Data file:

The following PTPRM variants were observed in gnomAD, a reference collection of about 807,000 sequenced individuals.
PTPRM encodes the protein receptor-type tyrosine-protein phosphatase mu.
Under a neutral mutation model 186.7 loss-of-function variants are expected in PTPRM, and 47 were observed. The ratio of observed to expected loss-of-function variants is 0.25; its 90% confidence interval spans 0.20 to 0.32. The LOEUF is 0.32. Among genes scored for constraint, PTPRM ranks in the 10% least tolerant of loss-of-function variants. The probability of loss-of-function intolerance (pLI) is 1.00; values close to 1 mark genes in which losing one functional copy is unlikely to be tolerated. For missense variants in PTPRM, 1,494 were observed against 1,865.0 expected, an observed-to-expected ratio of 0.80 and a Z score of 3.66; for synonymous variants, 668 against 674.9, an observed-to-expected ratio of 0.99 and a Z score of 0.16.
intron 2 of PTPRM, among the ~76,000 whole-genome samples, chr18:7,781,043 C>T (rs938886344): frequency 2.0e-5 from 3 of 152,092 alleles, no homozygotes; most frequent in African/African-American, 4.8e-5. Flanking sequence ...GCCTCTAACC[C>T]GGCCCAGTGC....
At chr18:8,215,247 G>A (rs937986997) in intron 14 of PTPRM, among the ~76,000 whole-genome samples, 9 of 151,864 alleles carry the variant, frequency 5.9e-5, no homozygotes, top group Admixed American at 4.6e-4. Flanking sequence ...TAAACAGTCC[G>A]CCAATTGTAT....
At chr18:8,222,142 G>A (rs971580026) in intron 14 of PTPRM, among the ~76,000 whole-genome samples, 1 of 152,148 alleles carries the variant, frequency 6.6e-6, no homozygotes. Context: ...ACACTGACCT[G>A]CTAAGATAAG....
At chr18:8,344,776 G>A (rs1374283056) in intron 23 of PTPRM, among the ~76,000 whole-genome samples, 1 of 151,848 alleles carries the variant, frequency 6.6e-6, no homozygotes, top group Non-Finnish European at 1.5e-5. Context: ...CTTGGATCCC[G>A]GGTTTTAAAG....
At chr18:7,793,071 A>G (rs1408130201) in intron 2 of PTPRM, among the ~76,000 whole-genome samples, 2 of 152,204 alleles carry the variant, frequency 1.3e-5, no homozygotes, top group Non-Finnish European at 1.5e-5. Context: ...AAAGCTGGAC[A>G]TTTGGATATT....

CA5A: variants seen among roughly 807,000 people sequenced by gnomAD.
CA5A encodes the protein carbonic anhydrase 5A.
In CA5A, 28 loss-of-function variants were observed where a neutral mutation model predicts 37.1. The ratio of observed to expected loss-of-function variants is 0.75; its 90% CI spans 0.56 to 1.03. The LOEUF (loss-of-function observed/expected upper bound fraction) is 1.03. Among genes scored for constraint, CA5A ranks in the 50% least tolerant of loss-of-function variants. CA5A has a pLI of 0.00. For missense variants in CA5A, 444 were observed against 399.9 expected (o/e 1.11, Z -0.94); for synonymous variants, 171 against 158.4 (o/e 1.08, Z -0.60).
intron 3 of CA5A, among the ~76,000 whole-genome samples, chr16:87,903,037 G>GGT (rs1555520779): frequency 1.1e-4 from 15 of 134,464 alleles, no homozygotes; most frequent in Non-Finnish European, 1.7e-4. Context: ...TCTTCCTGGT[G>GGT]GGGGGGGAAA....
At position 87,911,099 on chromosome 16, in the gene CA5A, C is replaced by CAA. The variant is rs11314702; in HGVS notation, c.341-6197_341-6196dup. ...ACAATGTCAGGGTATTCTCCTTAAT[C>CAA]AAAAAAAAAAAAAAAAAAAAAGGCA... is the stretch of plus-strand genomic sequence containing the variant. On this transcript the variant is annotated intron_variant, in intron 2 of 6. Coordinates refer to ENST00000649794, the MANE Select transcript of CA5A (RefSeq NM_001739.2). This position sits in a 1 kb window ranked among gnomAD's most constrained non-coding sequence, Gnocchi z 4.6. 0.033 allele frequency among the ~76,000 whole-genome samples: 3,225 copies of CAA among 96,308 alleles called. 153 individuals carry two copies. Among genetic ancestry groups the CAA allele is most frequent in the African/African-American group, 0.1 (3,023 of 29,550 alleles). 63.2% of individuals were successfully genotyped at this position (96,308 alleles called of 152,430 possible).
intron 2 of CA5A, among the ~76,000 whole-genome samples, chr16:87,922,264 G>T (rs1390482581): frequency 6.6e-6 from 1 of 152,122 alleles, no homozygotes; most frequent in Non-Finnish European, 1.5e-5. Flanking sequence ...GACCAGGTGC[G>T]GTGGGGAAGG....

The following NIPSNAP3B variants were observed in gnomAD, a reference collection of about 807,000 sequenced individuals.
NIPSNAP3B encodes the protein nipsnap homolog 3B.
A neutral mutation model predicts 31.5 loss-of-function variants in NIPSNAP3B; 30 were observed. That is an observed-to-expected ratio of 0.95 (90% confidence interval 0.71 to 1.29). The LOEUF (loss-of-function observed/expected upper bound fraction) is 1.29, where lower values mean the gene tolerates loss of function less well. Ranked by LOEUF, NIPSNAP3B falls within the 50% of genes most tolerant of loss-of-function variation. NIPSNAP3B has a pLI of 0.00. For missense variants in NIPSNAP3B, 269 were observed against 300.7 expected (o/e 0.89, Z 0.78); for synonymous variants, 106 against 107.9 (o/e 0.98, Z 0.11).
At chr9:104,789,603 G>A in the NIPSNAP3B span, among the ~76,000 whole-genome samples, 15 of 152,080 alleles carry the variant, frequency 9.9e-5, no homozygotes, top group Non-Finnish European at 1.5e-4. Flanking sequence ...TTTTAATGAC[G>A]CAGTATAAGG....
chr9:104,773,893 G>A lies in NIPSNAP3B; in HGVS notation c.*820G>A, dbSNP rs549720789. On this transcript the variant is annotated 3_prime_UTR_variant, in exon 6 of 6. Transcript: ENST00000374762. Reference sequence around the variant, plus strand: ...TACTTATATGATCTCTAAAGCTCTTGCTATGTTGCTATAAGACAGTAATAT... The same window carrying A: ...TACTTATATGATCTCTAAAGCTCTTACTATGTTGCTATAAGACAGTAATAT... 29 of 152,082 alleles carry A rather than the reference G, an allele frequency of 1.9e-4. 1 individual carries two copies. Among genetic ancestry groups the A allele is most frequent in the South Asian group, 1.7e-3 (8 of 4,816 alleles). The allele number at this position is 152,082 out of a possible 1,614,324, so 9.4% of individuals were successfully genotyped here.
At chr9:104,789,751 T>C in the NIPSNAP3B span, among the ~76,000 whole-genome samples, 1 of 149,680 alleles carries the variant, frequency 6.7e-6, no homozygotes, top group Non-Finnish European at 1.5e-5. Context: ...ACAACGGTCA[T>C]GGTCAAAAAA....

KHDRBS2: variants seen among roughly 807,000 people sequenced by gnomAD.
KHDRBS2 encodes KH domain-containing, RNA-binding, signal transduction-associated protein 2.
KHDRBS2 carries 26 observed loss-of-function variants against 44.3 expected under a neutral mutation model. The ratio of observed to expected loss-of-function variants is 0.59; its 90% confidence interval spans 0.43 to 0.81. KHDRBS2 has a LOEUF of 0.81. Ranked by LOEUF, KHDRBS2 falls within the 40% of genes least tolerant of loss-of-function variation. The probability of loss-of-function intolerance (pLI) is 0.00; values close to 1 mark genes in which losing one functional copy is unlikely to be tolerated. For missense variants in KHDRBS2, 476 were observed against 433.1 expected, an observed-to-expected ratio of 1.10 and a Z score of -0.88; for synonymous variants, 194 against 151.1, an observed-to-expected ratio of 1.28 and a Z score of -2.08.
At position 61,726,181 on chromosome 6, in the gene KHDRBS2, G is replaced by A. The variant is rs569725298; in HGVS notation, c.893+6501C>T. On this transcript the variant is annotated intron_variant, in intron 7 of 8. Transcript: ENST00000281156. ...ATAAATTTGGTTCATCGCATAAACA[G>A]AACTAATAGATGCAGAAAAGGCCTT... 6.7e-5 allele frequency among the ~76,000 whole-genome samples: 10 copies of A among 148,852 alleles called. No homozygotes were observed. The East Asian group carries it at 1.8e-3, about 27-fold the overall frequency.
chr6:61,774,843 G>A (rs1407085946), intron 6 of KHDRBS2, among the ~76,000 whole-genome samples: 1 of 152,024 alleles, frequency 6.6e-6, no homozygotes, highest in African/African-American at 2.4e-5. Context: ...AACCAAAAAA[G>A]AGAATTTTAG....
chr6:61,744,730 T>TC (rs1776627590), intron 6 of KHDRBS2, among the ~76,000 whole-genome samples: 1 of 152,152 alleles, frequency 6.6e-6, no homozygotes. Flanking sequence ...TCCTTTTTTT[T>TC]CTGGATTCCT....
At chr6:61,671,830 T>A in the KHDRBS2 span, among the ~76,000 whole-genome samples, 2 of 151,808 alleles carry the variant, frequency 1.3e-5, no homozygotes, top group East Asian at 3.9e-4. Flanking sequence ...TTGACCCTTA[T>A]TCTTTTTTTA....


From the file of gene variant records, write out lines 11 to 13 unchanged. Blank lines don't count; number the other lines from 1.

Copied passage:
In CA5A, 28 loss-of-function variants were observed where a neutral mutation model predicts 37.1. The ratio of observed to expected loss-of-function variants is 0.75; its 90% CI spans 0.56 to 1.03. The LOEUF (loss-of-function observed/expected upper bound fraction) is 1.03. Among genes scored for constraint, CA5A ranks in the 50% least tolerant of loss-of-function variants. CA5A has a pLI of 0.00. For missense variants in CA5A, 444 were observed against 399.9 expected (o/e 1.11, Z -0.94); for synonymous variants, 171 against 158.4 (o/e 1.08, Z -0.60).
intron 3 of CA5A, among the ~76,000 whole-genome samples, chr16:87,903,037 G>GGT (rs1555520779): frequency 1.1e-4 from 15 of 134,464 alleles, no homozygotes; most frequent in Non-Finnish European, 1.7e-4. Context: ...TCTTCCTGGT[G>GGT]GGGGGGGAAA....
At position 87,911,099 on chromosome 16, in the gene CA5A, C is replaced by CAA. The variant is rs11314702; in HGVS notation, c.341-6197_341-6196dup. ...ACAATGTCAGGGTATTCTCCTTAAT[C>CAA]AAAAAAAAAAAAAAAAAAAAAGGCA... is the stretch of plus-strand genomic sequence containing the variant. On this transcript the variant is annotated intron_variant, in intron 2 of 6. Coordinates refer to ENST00000649794, the MANE Select transcript of CA5A (RefSeq NM_001739.2). This position sits in a 1 kb window ranked among gnomAD's most constrained non-coding sequence, Gnocchi z 4.6. 0.033 allele frequency among the ~76,000 whole-genome samples: 3,225 copies of CAA among 96,308 alleles called. 153 individuals carry two copies. Among genetic ancestry groups the CAA allele is most frequent in the African/African-American group, 0.1 (3,023 of 29,550 alleles). 63.2% of individuals were successfully genotyped at this position (96,308 alleles called of 152,430 possible).